A major acting epiphany occurred for him many years ago when he appeared in an Off-Broadway Roundabout production of Ibsen's "Ghosts," he says. For the first time, he grasped the demands of acting in a dark and dramatic piece. "I saw the necessity to reveal myself in a way that I had not experienced before onstage," he says. "I realized I had to be in touch with a new part of myself. Before that, I had done light comedies and 'Godspell.' I did not really understand what acting required."
Garber supplemented his theater career with various guest-starring TV gigs and spent a lot of time commuting between New York and Los Angeles. He did not relocate to the West Coast until he got "Alias," and he remained there for nine years. He says it makes sense for an actor to have a job before setting up shop in Hollywood; but, he says, for those actors who have marketable looks and their sights set exclusively on TV and film careers, making L.A. their center of operations makes sense too. "If you're an 18-year-old actress and beautiful and talented and not dying to do Irina in 'Three Sisters,' then I would suggest trying to get into a TV series. It all depends on what you want. My goal was to be on Broadway. When I got to be in 'Sweeney Todd' with Angela Lansbury, that was a dream come true. My dream was never TV or movies."
He says he was not fully comfortable in Hollywood his first few years and, though he has acclimated to the sensibility, to this day prefers acting on stage rather than on screen. "I've never experienced working in a film where I felt like this at the end of the day," he says. "You don't have the feedback from the audience, and it's the parts, too. I never had a film part like this. I'd like to do more film work on par with what I do on stage. But that hasn't happened."
Stage or screen, for Garber the script takes precedence over all other considerations, including the quality and size of his role. He points to his small part in the film "Milk" as a case in point. "There was just no question that I would do it," he says. He also makes an effort not to play a role that is reminiscent of anything else he has done and to work with directors who "have a sense of humor, a sense of authenticity, and know what they're talking about. Most of the directors I've worked with do. I've been lucky."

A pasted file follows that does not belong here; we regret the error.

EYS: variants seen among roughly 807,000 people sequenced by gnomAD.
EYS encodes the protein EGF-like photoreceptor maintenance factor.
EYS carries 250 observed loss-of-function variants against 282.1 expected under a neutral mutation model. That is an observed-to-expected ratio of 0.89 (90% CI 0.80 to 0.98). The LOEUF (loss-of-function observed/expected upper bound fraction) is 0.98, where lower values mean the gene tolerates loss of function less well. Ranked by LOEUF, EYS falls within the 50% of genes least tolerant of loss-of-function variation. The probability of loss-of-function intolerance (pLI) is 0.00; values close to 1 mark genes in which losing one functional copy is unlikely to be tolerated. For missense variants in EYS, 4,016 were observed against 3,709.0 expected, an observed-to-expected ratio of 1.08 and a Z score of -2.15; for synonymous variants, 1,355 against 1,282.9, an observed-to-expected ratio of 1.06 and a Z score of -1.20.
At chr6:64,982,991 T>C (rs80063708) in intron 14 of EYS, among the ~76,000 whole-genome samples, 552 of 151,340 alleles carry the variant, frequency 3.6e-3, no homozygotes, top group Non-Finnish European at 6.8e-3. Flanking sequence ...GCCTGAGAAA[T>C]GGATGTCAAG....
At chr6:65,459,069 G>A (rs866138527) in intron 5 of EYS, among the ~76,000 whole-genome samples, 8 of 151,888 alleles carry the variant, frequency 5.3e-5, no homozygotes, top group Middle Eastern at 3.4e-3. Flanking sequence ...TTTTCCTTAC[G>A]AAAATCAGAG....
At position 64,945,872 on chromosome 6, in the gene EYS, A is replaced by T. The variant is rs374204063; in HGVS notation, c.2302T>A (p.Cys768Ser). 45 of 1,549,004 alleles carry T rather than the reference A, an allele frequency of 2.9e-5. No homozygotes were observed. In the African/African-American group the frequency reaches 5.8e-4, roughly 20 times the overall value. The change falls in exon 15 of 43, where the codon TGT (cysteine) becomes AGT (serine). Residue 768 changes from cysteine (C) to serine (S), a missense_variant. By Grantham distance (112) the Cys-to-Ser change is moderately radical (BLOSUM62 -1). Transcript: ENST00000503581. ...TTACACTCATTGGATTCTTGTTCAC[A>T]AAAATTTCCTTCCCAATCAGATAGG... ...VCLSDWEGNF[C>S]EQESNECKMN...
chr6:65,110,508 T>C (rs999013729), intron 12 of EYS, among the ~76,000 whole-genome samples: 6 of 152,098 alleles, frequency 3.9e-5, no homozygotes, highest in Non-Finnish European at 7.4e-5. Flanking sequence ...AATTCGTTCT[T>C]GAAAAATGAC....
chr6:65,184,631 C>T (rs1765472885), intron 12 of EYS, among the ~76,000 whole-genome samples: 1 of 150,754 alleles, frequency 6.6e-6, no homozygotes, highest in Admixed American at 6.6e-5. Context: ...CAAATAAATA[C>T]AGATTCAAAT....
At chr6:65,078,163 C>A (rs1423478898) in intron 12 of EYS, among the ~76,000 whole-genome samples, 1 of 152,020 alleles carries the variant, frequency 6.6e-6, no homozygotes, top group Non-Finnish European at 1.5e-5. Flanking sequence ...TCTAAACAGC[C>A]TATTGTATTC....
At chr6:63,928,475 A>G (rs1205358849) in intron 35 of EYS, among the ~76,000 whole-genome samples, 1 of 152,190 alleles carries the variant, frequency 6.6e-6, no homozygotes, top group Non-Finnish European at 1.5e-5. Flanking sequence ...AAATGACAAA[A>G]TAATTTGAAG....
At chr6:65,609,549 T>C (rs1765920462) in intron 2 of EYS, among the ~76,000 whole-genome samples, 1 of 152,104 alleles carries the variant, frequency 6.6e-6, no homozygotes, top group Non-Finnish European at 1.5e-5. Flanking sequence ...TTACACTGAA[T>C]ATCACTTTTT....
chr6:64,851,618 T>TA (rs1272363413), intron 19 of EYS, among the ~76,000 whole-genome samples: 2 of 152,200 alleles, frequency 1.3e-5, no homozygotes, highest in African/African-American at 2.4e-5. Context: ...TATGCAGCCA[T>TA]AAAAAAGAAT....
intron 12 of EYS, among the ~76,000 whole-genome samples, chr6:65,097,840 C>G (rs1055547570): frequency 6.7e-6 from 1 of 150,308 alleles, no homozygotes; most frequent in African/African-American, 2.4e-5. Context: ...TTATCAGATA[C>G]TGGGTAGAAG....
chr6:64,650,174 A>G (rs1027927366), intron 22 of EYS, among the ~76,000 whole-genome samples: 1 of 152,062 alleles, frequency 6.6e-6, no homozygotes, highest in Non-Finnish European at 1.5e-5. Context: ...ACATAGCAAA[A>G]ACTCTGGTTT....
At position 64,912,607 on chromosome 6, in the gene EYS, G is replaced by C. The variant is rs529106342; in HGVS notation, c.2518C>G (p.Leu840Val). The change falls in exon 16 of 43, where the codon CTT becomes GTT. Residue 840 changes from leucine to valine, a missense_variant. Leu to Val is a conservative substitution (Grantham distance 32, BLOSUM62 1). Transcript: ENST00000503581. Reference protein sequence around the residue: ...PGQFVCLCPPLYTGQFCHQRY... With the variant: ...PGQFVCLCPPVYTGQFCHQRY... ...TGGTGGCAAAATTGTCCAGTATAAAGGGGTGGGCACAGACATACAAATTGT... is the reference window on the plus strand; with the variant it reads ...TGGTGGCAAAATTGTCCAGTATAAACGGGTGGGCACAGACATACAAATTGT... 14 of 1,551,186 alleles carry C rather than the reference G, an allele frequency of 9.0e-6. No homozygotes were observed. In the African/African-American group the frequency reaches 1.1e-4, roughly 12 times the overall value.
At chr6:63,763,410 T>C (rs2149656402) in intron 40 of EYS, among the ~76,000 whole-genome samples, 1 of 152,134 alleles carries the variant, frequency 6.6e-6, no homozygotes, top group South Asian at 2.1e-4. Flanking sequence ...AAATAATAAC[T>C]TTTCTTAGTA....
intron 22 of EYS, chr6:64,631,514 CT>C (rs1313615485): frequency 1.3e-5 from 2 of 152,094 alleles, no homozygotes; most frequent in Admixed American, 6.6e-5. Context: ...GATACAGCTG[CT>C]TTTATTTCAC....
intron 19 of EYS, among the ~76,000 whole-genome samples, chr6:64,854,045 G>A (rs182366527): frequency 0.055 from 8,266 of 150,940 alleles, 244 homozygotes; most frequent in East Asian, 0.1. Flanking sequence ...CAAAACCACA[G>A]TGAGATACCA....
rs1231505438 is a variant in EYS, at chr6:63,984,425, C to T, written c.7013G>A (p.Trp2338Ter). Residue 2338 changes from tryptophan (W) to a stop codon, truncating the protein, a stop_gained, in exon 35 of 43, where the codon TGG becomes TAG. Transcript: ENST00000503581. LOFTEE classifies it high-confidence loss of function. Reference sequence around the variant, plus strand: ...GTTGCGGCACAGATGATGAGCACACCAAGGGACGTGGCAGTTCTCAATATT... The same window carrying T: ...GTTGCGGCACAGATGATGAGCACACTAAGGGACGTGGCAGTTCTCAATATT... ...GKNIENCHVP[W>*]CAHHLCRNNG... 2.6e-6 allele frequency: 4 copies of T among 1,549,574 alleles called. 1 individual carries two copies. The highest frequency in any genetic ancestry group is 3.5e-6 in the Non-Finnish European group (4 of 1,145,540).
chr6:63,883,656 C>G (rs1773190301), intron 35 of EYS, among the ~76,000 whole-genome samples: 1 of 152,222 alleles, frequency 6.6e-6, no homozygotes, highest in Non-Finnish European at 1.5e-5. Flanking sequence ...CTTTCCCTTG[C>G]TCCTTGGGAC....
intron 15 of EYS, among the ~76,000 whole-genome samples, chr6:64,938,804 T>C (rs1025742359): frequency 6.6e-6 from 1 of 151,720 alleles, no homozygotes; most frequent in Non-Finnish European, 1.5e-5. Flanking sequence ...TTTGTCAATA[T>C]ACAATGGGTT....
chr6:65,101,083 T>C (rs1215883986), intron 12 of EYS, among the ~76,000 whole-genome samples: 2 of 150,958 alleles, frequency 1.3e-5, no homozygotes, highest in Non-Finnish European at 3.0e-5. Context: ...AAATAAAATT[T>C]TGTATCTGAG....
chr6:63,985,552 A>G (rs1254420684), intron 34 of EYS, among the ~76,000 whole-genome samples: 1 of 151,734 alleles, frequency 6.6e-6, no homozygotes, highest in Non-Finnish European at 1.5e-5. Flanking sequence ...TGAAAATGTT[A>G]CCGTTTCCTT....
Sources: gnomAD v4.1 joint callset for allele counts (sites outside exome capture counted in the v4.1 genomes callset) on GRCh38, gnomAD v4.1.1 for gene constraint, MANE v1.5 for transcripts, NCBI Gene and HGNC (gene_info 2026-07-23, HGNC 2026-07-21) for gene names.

Garber no longer auditions for his stage roles, though he continues to do so for film and television. "People know who I am when I walk into the room, and they're nice," he says. "I do pretty well at auditions, and I'm less fearful than I once was. Fear is your enemy at an audition. I recommend breathing and any of the relaxation techniques that actors use to assuage panic. But most of all I recommend being prepared. I rarely walk into an audition unprepared."
Looking back, he says the role he is perhaps most proud of is Macbeth, which he tackled at the Old Globe Theatre in San Diego when Martin, the production's director, suggested he might be right for it. It was never a part the actor had any pressing desire to play, and he is still not sure he was any good at it. "But I felt proud I did it, accomplished it, and got through it," he recalls. "It wasn't terrible, though I'd probably be better now. I did it over 10 years ago."
Like many veteran actors, Garber feels the industry is more difficult to break into today than when he was starting out—and it was difficult then, he emphasizes. Still, theater had a status it doesn't have today, and actors could be stage stars without first being household names. That said, he acknowledges, "I lost a role to a TV star way back, but it's even more star-driven today. Also, audiences have changed. TV has nullified the brain. Between diminished attention spans and cell phones. I'm not complaining. It's just the way it is. The other night onstage, I was aware of a cell phone going off. I just stopped and waited until it stopped, and then I continued. And then everyone in the audience got very quiet."
Asked if he would ever consider appearing on the Web, he says he has, but generally it's not the first place he'd go to for either entertainment or employment. He says he has no special interest in performing online—though the acting styles and demands are no different from any other medium. You're still inhabiting a character and telling a story, he says: "It's all make-believe."
What's not make-believe is that it's 7 o'clock and time for Garber to start getting into costume and makeup, not to mention having that very necessary, awakening cup of coffee.
- Was nominated for four Tony and six Emmys
- Was featured in such Broadway shows as "Arcadia," "Two Shakespearean Actors," "The Devil's Disciple," "You Never Can Tell," "Noises Off," "Deathtrap," and "Tartuffe"
- Will be seen in the upcoming Disney feature "You Again"
"Present Laughter" runs through March 21 at the American Airlines Theatre, 227 W. 42nd St., NYC. Tickets: (212) 719-1300 or www.roundabouttheatre.org.